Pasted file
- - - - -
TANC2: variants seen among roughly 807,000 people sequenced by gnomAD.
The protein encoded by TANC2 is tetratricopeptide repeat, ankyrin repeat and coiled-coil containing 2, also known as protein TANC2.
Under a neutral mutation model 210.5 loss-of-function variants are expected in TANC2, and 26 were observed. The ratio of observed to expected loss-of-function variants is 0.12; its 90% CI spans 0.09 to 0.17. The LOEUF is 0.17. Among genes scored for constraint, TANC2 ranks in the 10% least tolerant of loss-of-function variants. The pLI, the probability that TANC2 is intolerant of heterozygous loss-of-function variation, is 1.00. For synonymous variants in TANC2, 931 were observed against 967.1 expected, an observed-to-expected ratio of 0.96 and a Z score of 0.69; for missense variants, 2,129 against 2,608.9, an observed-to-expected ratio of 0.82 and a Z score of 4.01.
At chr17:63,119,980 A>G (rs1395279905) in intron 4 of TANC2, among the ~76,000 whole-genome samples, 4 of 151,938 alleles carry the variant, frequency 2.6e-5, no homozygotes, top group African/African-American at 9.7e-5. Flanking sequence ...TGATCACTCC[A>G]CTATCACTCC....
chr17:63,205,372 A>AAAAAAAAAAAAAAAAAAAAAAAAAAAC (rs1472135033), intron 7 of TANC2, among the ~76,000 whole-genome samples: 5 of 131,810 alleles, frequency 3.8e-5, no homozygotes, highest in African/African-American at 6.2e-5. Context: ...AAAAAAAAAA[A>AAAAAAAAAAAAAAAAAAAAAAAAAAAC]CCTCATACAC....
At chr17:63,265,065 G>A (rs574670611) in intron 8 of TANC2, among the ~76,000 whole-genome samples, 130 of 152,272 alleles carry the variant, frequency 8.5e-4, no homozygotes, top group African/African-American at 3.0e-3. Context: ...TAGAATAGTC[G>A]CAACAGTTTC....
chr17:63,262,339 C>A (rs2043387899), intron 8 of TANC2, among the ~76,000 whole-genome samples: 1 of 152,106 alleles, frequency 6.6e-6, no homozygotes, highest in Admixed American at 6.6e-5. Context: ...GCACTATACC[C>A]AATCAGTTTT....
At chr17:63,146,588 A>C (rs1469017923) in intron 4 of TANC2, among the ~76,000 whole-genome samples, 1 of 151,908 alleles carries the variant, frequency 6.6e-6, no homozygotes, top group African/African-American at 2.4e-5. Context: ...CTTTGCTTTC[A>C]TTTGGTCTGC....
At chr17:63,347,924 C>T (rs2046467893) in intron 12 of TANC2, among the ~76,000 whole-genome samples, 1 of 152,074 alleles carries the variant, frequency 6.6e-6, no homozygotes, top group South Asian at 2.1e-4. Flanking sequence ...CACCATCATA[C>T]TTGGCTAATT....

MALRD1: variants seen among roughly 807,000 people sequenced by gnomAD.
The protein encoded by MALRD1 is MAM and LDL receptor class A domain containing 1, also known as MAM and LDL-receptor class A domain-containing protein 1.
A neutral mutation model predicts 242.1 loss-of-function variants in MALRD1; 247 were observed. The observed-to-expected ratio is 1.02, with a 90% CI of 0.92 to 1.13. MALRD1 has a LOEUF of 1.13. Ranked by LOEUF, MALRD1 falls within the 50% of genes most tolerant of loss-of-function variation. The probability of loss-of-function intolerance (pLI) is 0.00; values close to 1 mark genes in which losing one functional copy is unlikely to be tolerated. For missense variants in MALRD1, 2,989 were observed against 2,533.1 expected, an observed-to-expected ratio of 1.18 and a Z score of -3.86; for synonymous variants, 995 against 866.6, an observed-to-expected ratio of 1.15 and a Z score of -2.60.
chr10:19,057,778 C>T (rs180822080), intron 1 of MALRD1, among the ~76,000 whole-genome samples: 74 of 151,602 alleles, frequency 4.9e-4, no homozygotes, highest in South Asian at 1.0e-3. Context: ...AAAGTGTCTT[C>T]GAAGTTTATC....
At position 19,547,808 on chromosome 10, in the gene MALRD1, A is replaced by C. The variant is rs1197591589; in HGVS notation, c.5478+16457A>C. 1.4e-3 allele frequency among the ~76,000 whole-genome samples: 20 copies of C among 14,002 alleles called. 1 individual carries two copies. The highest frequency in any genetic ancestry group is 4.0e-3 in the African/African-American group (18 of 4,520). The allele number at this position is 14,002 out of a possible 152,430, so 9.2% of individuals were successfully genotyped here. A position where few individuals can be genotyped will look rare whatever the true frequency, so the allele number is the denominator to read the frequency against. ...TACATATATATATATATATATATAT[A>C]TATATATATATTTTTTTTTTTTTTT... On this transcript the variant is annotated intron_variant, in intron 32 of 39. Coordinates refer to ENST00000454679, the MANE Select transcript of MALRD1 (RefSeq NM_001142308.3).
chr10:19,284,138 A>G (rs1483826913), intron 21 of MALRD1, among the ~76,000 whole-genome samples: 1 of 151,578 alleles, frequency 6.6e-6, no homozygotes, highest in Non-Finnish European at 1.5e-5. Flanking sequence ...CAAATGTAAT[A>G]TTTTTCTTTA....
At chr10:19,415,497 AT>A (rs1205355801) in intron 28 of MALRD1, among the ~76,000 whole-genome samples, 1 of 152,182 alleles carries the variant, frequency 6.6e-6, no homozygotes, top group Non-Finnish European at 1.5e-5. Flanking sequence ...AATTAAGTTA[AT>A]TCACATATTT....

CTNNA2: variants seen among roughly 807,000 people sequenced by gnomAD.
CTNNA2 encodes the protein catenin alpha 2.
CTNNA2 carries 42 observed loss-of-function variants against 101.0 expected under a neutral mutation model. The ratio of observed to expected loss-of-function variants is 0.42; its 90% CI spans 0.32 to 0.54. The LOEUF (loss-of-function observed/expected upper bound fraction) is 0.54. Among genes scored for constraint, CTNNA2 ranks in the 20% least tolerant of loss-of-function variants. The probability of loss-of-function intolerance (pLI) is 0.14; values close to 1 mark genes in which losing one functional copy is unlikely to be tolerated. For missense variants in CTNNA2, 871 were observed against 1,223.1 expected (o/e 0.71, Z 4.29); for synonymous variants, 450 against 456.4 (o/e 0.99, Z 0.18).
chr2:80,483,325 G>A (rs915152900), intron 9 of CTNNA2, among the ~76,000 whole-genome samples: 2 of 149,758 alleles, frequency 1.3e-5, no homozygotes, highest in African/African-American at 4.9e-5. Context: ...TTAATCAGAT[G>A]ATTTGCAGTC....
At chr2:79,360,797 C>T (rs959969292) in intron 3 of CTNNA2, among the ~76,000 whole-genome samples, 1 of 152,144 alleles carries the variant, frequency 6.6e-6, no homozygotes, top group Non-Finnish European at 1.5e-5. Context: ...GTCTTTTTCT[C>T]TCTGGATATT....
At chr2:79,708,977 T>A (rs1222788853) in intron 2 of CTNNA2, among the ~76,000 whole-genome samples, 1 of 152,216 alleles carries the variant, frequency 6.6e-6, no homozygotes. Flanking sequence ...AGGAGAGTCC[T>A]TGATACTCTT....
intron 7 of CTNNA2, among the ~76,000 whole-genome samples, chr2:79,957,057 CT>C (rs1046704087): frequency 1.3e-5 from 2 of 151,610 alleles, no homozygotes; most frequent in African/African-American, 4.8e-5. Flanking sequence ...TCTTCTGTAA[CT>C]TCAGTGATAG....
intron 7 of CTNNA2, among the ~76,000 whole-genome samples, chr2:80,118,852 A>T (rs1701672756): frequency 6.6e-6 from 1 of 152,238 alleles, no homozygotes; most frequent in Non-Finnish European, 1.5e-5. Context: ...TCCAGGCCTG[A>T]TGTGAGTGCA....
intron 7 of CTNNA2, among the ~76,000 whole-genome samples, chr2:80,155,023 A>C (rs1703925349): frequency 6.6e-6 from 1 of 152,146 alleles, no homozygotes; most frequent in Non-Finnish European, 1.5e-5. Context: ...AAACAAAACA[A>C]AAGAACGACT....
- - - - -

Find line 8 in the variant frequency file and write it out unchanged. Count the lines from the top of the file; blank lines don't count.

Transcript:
At chr17:63,146,588 A>C (rs1469017923) in intron 4 of TANC2, among the ~76,000 whole-genome samples, 1 of 151,908 alleles carries the variant, frequency 6.6e-6, no homozygotes, top group African/African-American at 2.4e-5. Context: ...CTTTGCTTTC[A>C]TTTGGTCTGC....